The author, a descendant of one of the largest slave-owning families, confronts his past by researching archives and connecting with the descendants of the slaves. He tells a compelling story of black and white families,who lived side by side for five generations. The author attempts (and does an excellent job!) to explain why the slave legacy is still enmeshed in this country today. Reading this book gave me a greater understanding of our American history and human nature.
48 pages of historic and current photographs.
Writer Edward Ball opens Slaves in the Family with an anecdote: "My father had a little joke that made light of our legacy as a family that had once owned slaves. 'There are five things we don't talk about in the Ball family,' he would say. 'Religion, sex, death, money and the Negroes.'" Ball himself seemed happy enough to avoid these touchy issues until an invitation to a family reunion in South Carolina piqued his interest in his family's extensive plantation and slave-holding past. He realized that he had a very clear idea of who his white ancestors were--their names, who their children and children's children were, even portraits and photographs--but he had only a murky vision of the black people who supported their livelihood and were such an intimate part of their daily lives; he knew neither their names nor what happened to them and their descendents after they were freed following the Civil War. So he embarked on a journey to uncover the history of the Balls and the black families with whom their lives were inextricably intertwined, as well as the less tangible resonance of slavery in both sets of families. From plantation records, interviews with descendents of both the Balls and their slaves, and travels to Africa and the American South, Ball has constructed a story of the riches and squalor, violence and insurrection--the pride and shame--that make up the history and legacy of slavery in America.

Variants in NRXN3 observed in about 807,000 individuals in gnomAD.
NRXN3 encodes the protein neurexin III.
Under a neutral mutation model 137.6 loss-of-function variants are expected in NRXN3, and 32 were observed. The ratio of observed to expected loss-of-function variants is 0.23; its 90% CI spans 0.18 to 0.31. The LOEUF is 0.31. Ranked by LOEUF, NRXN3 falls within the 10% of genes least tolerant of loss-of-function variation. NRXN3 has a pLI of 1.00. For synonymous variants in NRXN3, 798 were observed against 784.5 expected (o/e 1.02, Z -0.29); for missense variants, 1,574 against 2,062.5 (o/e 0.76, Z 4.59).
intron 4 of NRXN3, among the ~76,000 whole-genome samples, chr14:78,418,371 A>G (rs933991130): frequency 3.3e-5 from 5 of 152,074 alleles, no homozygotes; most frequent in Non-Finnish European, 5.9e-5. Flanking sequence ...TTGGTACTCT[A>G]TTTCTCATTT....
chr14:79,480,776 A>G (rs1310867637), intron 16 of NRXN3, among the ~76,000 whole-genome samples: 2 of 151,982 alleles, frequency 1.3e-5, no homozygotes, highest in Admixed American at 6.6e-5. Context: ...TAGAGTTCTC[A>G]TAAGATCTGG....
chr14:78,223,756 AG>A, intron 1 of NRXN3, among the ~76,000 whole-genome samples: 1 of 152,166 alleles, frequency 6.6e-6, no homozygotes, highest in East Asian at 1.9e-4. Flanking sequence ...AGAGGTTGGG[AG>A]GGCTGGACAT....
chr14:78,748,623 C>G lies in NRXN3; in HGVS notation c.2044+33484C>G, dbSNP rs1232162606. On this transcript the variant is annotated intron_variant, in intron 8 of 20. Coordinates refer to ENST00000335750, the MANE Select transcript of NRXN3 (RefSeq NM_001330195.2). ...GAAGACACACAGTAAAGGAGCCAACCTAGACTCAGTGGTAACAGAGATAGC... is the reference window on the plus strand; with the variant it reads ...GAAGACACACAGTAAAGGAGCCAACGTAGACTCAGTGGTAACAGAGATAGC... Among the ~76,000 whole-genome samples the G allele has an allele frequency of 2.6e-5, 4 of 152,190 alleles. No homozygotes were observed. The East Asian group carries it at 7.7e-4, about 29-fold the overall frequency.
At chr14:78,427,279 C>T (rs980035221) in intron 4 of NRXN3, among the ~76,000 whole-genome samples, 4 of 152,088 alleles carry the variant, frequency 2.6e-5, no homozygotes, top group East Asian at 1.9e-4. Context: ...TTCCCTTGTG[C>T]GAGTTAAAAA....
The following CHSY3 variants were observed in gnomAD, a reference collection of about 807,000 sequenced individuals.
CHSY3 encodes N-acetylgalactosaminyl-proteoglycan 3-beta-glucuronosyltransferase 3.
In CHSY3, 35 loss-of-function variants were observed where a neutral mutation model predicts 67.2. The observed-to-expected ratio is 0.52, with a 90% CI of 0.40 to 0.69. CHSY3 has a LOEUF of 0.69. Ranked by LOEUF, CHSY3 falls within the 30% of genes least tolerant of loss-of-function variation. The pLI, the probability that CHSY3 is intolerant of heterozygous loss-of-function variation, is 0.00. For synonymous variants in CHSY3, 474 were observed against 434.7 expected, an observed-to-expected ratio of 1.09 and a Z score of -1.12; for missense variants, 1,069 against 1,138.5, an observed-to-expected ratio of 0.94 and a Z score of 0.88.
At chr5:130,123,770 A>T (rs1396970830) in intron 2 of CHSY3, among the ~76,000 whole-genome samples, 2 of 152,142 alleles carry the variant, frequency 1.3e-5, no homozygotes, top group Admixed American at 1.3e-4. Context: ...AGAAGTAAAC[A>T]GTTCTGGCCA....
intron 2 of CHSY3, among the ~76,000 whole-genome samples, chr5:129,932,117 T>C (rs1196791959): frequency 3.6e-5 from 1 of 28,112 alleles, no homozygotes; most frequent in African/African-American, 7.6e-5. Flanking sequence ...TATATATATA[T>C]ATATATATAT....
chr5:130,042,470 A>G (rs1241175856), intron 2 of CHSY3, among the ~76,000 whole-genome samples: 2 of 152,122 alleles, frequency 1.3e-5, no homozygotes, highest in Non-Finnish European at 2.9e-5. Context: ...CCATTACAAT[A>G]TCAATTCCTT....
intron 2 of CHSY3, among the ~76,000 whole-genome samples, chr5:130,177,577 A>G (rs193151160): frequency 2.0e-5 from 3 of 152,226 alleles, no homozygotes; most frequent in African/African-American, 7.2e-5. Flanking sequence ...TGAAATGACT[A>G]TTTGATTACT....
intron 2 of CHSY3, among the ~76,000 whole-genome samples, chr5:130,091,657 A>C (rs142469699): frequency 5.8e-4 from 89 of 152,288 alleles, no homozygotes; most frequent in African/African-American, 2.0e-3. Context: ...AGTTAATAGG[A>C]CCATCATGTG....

This is a true account regarding slavery- powerful and painful for all! An account which forces us to look at our history- whether your ancestors were slaves or those who took slaves.
Thorough, thought-provoking and compelling story about appearance versus reality. Though I read it when it first came out I remember the honesty of the author. I kept wondering how those on both sides of the family would respond to the public knowing what happened. Would there be shame? Humiliation? Denial? Would the truth set them free? Would reconciliation come about for others beside the author? Of course, this is the pink elephant that no one wants to talk about in the south in particular.
I hope the author will one day choose to enlighten us where this journey took him in life.
This book is both a history of America and the Ball family as well as the people who were enslaved by them. It looks into early colonial America and into Africa. It is a rich text and also a voyage of discovery. The author is a descendent the Ball family, one of the oldest rice plantation owning "tribes" of the South. The book documents the author's family and the people who worked for them. Many of the ex-slave family members are now of much higher social and educational strata than the Ball family descendants. Others are the author's blood kin. It is a book to read slowly and examine. Very good.